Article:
Barthes writes that, as well as suffering, pro wrestling is about defeat and justice, all of which are story points documented in Joseph Campbell’s seminal monomyth study, The Hero With a Thousand Faces. Campbell’s structure consists of 17 stages, which are ordered into three phases: the adventure of the hero, the cosmogonic cycle and transformations of the hero (Campbell, 1949). These stages make up the common template used in many types of stories, often Hollywood blockbusters. Subsequent authors have revised Campbell’s work, including Christopher Vogler, who wrote for Disney, and Dan Harmon, creator of television shows Community and Rick & Morty.
Harmon refers to story structure as having circular rhythm that rhythm being based on polarity, e.g. life and death, conscious and unconscious, and order and chaos. Harmon (2009) argues that we all can recognise a good story when we read, hear, or see one because the rhythm of story (of needing something, descending into the abyss to achieve it and returning having changed) is second-nature to us.
At a TEDx event in Decatur, Georgia, USA, screenwriter Marty Buccafusco (2019) drew comparisons between the circular structure of Campbell’s “Hero’s Journey” and the storytelling of pro wrestling. Buccafusco’s argument is presented in the three acts of a wrestling match. Firstly, the story must “identify hero and quest”, such as a babyface competing for the world title. Next, we see the hero “fail and develop”. Finally, we need to watch the hero “triumph and celebrate”. Buccafusco insists that it is essential for the hero to fail in act two. Their destiny is clear at this point, but it is not yet the moment for them to achieve it. Selling is what allows a wrestler to communicate this.
Bret “Hitman” Hart almost always appears in best-wrestlers-of-all-time lists. Hart (now retired) wasn’t a beefy muscleman like Hulk Hogan. He wasn’t a giant like the Big Show or Andre either, nor did he brim with natural charisma like “Macho Man” Randy Savage. Hart was a technician in the ring, able to apply an entire library of holds with precision and believability. He is remembered by fans as one of the greatest champions of all time, not for his domination of the competition but for his ring psychology, which allowed him to bring the best out of any opponent.
If Hart were any bigger, he could have relied on his size. Instead, he used the fact that heels could overpower him to his advantage, going into most matches as the obvious underdog. In November 1995, Hart faced Diesel at Survivor Series 1995 for the top prize: the WWE (then WWF) Championship. At nearly seven feet tall and around 300 pounds, Diesel should have been an incredible champion, but instead, he is remembered as one of the most lacklustre in WWE history. Diesel had dominated Hart throughout their Survivor Series match.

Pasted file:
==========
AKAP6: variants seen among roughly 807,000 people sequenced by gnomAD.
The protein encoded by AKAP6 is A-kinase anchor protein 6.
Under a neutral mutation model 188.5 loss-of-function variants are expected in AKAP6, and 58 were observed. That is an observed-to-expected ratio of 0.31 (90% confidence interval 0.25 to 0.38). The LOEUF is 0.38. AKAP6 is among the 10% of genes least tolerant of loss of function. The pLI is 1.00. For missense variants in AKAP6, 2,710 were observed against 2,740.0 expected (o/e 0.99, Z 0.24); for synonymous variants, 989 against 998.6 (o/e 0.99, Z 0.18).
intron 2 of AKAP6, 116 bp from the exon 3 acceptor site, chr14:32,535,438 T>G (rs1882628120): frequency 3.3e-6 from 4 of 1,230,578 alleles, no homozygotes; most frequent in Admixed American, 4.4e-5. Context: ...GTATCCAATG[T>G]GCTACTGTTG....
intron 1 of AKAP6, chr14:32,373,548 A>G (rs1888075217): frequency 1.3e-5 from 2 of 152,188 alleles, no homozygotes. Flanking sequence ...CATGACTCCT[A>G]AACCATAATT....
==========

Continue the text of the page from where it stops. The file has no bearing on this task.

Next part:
Towards the end, he yanked Hart up from the mat to perform his signature Jackknife Powerbomb finishing manoeuvre. Diesel signalled to the crowd, confident that the match would soon be over, and Hart, exhausted, collapsed down to the mat. This one moment of believable selling from Hart summarised to the audience everything they needed to know: Diesel was a formidable competitor, deserving of respect, and Hart had to have had superhuman strength to have lasted in the ring as long as he did.
Diesel reached down to try for another Jackknife Powerbomb, but this time Hart was ready and rolled him into a quick pin. The crowd cheered at the sound of the bell, not just because Hart’s win had been such a surprise but because Hart, through his selling, had built Diesel up from unexciting champion to dangerous monster and now, against all odds, he had vanquished him.
In The Godfather, rather than selling Kay’s indignation at the injustice, Keaton focused on how threatened she felt and, as a result, strengthened Al Pacino’s impassioned performance as Michael. In the same vein, Hart boosted Diesel’s believability through his selling so that the final victory would appear more meaningful.
In his first memoir, A Lion’s Tale, former world champion, commentator and lead singer of heavy metal band Fozzy, Chris Jericho shared some advice he received from a mentor, Bulldog Bob Brown:
I had done an interview about my first match with Bulldog and I was talking about how old and slow he was […] I walked back to the dressing room and Bulldog stopped me in front of everyone. “What the hell are you doing? Yeah I’m old and everybody knows it. But I want you to think about this. If I beat you […] tonight, then you just got beat up by an old man. If you beat me […] then you just beat up an old man.” The first big lesson I learned about promos […] was: Never totally bury your opponent. You can tell jokes and insult them all you want, but if you don’t build them up […] you’re just burying yourself.– Jericho (2008)